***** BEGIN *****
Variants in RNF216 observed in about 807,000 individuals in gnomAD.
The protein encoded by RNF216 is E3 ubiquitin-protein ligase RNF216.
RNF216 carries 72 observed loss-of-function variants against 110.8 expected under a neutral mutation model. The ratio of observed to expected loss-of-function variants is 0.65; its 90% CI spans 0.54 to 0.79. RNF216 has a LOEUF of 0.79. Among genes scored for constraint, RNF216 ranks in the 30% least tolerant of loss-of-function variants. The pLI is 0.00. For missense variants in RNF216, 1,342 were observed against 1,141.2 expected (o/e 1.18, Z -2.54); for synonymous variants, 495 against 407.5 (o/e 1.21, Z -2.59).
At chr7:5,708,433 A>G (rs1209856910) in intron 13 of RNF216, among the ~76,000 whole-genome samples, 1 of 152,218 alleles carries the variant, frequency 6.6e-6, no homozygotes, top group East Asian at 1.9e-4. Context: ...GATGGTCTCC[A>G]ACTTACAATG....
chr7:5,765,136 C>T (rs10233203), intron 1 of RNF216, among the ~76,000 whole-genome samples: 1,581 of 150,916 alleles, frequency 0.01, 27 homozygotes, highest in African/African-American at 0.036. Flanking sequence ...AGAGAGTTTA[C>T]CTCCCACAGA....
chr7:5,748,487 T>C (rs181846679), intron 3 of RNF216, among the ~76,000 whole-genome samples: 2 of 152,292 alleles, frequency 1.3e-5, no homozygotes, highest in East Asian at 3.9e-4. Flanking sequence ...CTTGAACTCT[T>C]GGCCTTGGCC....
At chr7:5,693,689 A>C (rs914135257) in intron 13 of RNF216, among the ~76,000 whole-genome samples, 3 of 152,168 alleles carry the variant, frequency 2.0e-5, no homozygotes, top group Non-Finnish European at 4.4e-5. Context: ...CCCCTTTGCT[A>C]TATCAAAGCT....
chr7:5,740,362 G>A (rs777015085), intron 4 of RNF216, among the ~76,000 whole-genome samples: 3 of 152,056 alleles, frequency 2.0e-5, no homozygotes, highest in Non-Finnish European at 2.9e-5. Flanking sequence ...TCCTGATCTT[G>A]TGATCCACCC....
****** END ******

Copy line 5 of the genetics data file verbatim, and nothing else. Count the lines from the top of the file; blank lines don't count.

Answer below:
chr7:5,765,136 C>T (rs10233203), intron 1 of RNF216, among the ~76,000 whole-genome samples: 1,581 of 150,916 alleles, frequency 0.01, 27 homozygotes, highest in African/African-American at 0.036. Flanking sequence ...AGAGAGTTTA[C>T]CTCCCACAGA....